Being older doesn’t always make us wiser. Sadly, some people take advantage of that fact by luring older adults into money scams. Read on to learn what to watch out for and how to protect yourself or someone you know against such scams.
Common scams used against the elderly
Here are three types of scams that are commonly used to trick older adults into giving up their cash:
Imposter scams: In this scenario, a person pretends to be someone he or she is not to extract money or information (that can eventually lead to accessing funds) from an older adult. The identities they assume could be that of government officials or even one’s own grandchild. One example is the IRS scam, where someone pretends to be calling a senior from the IRS and demand money that is owed to the government be paid immediately, least that senior go directly to jail. Another involves impersonating a grandchild, claiming to be in jail and in need of bail money to get out.
Identity theft: This crime results in the unauthorized access to financial or personal information. Identity theft can happen in a number of ways, many outside the control of the victim, such as when an institutions credit card records are breached. Other times, the senior will have direction communication from the scammer trying to get their information. It could be via an email through what’s called a “phishing attempt” — the email asks for specific information, such as a social security number or credit card number, often to “confirm” someone’s identity. What’s happening instead is that the person’s identity is being stolen.
Mortgage-related scams: In this case, the scammers will claim that they can relieve the senior who owns a home the stress of their mortgage payments or their fear of falling into foreclosure. Sometimes, the scammers ask for an upfront fee. Other times, they take the ownership of the person’s home right from under them. In the latter scenario, seniors often aren’t given much information about what is happening with their home, and they don’t realize they are giving up possession of it to someone else… until it is too late.
Scam artists use the phone, email, mailed letters, and even sometimes a knock on the door in person to pull off these different types of fraud with the elderly.
How to protect yourself or someone you know from scams
While some fraud is hard to avoid, there are steps you can take to prevent these types of scams from taking place.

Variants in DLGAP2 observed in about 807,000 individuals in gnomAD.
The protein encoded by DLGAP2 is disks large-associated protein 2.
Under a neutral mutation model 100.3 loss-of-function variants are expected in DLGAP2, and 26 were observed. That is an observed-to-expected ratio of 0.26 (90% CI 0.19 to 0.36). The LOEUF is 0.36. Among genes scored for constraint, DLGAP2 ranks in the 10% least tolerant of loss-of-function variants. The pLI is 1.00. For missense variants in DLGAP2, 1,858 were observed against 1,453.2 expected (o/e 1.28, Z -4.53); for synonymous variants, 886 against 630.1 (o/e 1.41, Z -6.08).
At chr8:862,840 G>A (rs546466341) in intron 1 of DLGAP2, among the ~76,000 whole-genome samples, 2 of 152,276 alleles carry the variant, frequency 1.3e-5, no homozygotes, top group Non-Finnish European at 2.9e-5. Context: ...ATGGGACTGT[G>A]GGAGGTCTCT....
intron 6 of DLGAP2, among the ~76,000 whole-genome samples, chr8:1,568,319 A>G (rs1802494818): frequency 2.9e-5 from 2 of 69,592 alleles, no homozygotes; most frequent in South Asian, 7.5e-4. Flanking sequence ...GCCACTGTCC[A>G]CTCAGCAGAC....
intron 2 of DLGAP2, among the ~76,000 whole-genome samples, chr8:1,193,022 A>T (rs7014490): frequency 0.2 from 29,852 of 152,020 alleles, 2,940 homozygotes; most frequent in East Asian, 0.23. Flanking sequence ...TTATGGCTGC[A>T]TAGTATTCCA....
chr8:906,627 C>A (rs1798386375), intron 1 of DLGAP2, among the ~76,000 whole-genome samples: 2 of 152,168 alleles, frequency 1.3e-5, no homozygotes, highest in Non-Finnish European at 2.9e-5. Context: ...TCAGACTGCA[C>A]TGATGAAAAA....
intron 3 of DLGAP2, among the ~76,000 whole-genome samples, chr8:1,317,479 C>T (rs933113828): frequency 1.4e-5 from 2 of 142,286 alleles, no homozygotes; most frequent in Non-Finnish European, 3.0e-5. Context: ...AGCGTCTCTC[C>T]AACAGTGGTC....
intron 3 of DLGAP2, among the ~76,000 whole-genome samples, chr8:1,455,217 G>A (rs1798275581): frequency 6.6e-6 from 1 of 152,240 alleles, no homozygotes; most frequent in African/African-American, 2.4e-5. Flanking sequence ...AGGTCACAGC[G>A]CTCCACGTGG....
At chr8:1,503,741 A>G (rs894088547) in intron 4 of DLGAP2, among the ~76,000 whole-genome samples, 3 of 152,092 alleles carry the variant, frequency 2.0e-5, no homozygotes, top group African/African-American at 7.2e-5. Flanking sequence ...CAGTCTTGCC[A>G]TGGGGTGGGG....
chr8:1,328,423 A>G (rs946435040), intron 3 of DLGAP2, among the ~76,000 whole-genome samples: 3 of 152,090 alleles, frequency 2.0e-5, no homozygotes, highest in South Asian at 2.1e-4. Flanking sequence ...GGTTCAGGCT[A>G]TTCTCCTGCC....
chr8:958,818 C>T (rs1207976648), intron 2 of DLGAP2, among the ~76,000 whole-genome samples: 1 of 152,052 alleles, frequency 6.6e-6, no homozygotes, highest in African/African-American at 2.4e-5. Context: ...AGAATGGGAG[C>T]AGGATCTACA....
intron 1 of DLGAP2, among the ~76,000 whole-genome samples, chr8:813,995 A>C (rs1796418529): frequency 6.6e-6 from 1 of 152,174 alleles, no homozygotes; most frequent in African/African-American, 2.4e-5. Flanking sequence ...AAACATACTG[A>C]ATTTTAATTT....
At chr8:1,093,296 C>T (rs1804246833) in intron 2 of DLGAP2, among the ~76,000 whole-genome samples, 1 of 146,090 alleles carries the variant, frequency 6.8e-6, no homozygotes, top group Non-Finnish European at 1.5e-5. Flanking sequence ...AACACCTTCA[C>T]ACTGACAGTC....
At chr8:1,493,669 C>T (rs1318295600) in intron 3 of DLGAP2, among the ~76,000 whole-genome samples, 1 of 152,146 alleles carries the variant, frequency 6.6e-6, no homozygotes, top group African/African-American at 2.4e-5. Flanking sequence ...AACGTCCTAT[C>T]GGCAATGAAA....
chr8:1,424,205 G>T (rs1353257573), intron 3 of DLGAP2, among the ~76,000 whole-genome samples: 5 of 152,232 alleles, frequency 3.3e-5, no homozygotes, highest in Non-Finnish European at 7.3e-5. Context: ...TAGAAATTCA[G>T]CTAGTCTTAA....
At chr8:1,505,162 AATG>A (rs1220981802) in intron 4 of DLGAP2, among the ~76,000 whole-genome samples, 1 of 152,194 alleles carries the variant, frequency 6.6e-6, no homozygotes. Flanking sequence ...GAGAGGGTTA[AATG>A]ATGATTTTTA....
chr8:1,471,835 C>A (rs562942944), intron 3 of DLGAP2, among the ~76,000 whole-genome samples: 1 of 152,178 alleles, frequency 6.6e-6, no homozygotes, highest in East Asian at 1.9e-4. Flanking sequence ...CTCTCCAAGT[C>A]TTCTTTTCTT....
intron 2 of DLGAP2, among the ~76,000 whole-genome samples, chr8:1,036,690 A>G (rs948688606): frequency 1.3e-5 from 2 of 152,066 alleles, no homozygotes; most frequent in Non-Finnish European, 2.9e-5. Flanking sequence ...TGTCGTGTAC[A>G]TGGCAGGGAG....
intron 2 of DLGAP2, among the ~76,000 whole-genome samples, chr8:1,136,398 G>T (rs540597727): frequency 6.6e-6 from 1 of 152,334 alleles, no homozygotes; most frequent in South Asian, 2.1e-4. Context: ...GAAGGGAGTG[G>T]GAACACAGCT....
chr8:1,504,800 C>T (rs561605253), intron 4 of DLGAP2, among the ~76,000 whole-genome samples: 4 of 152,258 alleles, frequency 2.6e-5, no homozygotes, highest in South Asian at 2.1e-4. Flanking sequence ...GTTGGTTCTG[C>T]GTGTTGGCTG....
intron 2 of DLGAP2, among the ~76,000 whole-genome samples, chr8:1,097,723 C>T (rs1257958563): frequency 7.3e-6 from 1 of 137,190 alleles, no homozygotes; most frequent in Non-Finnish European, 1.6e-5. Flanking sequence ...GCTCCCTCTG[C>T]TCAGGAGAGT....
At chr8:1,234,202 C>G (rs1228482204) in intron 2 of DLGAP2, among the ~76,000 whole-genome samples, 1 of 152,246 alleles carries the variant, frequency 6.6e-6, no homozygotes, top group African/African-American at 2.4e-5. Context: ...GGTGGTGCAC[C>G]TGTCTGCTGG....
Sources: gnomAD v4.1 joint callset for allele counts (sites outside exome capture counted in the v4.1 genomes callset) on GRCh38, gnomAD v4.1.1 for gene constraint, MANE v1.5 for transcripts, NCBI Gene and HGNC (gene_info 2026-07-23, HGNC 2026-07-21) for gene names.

- Never share your personal or financial information with anyone over the phone or an email — even if you think it’s someone you know.
- Be careful about who you trust. Don’t be afraid to be skeptical and ask lots of questions.
- When making financial decisions or meeting people in regards to services they render, consider doing so only with a close, trusted family member or friend present with you.
- Take advantage of the Federal Trade Commission’s “Cooling-Off Rule.” The rule provides consumers with a three-day right to cancel a sale made in the home or other off-site location, such as hotels, restaurants, or the seller’s temporary location. A door-to-door salesperson must provide notice of the right to cancel as well as two copies of the cancellation form. You do not have to provide a reason for cancelling the transaction.
What to do if you or someone you know is a victim
of a scam
If you or someone you know has become a victim of a scam, be sure to contact your local police authorities, including calling 911 if the senior is in danger or you believe a crime has been committed.
You can also contact Adult Protective Services in your area. You can reach these offices using the Eldercare Locator at eldercare.acl.gov, a public service provided by the U.S. Administration for Community Living, or by calling 1-800-677-1116.
For cases of identity theft, also call the Federal Trade Commission (FTC) at 1-877-438-4338 or identitytheft.gov. If the loss involves funds held in a financial institution, such as a bank or credit union, report the problem to the financial institution immediately. If the loss involves credit products, such as a credit card or loan, contact the creditor immediately.
Some information courtesy of the National Center on Law & Elder Rights, as well as the Money Smart for Older Adults Resource Guide.